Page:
Church stands its ground on place of religion in schools
Bishops and other Catholic Church education interests have expressed their opposition to any move to dilute the status of religion in the primary school curriculum.
Their concerns are outlined in responses to proposals for a new way of allocating time across the school day and week currently being teased out by the National Council for Curriculum and Assessment (NCCA).
They expressed the view that a proposal on a new way of allocating time in school could undermine and downgrade the religious programme of the school patron, which, in approximately 90pc of cases, is the Catholic Church.
This is the first overhaul of the curriculum introduced in primary schools in 1999 and teachers, principals, parents and all those interested in primary education had an opportunity to share their views.
The NCCA is looking at both the general structure of the curriculum and the use of time during the school day.
The body published a report yesterday on the initial consultation process.
The focus of the consultation was on the general shape of a revised curriculum and, based on outcome, the NCCA is now working on developing more specific proposals ahead of a further consultation in 2019.
In setting out the case for change, the report points to the importance of developing a curriculum for children who will begin their working lives in the fifth decade of this century and retire in the late 2080s.
According to the report, the NCCA's proposal to have two categories of time allocation - 60pc for a minimum State curriculum and 40pc for "flexible" time - met a positive response.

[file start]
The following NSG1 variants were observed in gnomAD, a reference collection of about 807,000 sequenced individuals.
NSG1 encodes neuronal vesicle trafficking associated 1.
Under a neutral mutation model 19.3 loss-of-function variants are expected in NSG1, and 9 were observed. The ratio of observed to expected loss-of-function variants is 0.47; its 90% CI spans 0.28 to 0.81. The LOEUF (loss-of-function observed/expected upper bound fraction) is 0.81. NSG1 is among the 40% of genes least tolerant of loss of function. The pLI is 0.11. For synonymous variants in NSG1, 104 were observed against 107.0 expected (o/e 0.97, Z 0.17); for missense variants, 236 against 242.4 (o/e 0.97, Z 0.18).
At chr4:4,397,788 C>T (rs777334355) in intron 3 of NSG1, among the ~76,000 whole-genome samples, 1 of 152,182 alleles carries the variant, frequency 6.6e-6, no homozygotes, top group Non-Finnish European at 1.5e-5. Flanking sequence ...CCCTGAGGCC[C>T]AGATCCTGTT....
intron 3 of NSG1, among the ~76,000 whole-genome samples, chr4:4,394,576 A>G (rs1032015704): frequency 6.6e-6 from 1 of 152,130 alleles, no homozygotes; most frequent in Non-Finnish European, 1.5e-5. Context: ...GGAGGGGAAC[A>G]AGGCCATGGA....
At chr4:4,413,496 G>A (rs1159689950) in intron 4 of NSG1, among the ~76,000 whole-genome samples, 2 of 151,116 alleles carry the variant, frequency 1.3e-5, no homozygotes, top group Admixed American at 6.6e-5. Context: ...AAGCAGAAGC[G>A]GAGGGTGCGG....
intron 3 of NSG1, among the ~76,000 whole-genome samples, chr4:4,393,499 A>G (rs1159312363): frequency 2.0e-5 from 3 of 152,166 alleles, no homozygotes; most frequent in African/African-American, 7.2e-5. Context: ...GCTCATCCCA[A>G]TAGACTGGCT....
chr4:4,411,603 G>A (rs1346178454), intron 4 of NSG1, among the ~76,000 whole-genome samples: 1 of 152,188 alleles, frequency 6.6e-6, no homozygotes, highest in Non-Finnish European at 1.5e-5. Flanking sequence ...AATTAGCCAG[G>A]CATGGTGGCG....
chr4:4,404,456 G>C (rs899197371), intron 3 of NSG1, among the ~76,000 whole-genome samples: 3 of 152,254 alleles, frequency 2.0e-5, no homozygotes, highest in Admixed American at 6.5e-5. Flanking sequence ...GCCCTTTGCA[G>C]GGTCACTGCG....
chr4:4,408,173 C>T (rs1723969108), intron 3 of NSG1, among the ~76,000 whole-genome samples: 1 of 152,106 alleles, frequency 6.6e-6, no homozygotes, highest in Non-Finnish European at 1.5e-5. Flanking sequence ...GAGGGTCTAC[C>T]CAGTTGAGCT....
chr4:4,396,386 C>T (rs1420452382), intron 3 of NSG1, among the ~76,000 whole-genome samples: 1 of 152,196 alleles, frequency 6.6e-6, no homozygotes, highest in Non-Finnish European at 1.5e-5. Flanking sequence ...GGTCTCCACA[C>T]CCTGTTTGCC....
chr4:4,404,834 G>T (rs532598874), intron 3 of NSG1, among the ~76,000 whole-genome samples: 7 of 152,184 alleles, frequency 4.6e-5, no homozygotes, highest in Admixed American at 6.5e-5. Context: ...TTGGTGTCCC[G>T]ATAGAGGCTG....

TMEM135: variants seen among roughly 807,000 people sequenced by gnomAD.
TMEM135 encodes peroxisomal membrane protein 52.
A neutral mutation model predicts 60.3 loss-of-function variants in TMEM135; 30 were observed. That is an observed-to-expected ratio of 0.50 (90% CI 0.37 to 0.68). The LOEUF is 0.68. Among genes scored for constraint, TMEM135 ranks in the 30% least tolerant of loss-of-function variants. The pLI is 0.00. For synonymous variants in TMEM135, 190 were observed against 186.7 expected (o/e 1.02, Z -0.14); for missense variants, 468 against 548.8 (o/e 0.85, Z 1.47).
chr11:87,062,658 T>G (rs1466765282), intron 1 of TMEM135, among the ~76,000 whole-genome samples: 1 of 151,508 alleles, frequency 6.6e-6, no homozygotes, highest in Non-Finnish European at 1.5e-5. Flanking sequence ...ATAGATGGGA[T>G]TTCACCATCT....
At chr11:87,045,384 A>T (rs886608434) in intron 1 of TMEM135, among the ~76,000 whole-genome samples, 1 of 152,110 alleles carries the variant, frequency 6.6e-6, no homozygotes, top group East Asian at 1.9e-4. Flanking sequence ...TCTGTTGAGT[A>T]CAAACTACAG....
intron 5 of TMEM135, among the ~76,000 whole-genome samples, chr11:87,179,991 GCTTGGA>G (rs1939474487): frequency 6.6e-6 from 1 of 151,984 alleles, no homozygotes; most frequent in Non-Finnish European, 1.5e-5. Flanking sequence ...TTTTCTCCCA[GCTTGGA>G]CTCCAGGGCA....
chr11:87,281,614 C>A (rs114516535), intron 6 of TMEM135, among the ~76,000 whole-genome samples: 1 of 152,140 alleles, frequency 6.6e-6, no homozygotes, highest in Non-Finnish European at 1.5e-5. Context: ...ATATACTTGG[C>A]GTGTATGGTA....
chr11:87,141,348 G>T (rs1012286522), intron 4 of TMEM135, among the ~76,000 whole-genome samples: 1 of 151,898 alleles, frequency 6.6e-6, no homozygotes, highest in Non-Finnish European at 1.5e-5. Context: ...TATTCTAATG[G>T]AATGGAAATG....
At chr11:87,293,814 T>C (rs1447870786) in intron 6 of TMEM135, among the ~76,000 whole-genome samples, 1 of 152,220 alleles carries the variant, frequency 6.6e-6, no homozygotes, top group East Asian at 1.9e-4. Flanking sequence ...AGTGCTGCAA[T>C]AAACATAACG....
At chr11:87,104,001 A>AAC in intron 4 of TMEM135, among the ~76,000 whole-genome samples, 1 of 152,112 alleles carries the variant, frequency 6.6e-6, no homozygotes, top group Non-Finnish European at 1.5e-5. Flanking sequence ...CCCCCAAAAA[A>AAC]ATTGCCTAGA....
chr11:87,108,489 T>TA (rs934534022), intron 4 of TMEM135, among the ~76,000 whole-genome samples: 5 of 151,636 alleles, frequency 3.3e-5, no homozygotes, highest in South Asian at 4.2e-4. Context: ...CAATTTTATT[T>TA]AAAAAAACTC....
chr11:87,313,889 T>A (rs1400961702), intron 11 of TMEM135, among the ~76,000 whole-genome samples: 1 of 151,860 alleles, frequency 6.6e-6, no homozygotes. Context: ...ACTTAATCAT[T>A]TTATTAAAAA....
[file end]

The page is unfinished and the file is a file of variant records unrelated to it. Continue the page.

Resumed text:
That would be a change from the current three-part breakdown: a time allocation for the patron's programme which in Church-run schools is religion but in others may be ethics or a mix of religion and ethics; time for curriculum subjects; and time for breaks and assembly.
The report states that "flexible" time recognises the professional autonomy of schools and teachers and could help to alleviate existing time pressures.
It would allow teachers greater flexibility to meet the needs of children and schools, it adds. It was suggested the 'flexible' time allocation could include the patron's programme and breaks and assembly.
However, the notion that the patron's programme be included in "flexible" time received "particular attention" in the written submissions sent to the NCCA, the report states.
One submission, from an adviser to the Elphin Diocese, states that moving religion to "flexible" time would have an adverse effect on schools' ethos and consequently damage children's religious and spiritual development.
Another, from an adviser to the Diocese of Cloyne, states that "it is difficult not to have suspicions that the State wishes to remove the patron's programme as part of the core curricular area" so that it can "manoeuvre itself into a situation" whereby it could introduce the proposed State curriculum on Ethics, Religion and Beliefs Education.
The Association of Trustees of Catholic Schools wrote that parents "have the right to ensure that their children's education is in conformity with their religious and philosophical convictions".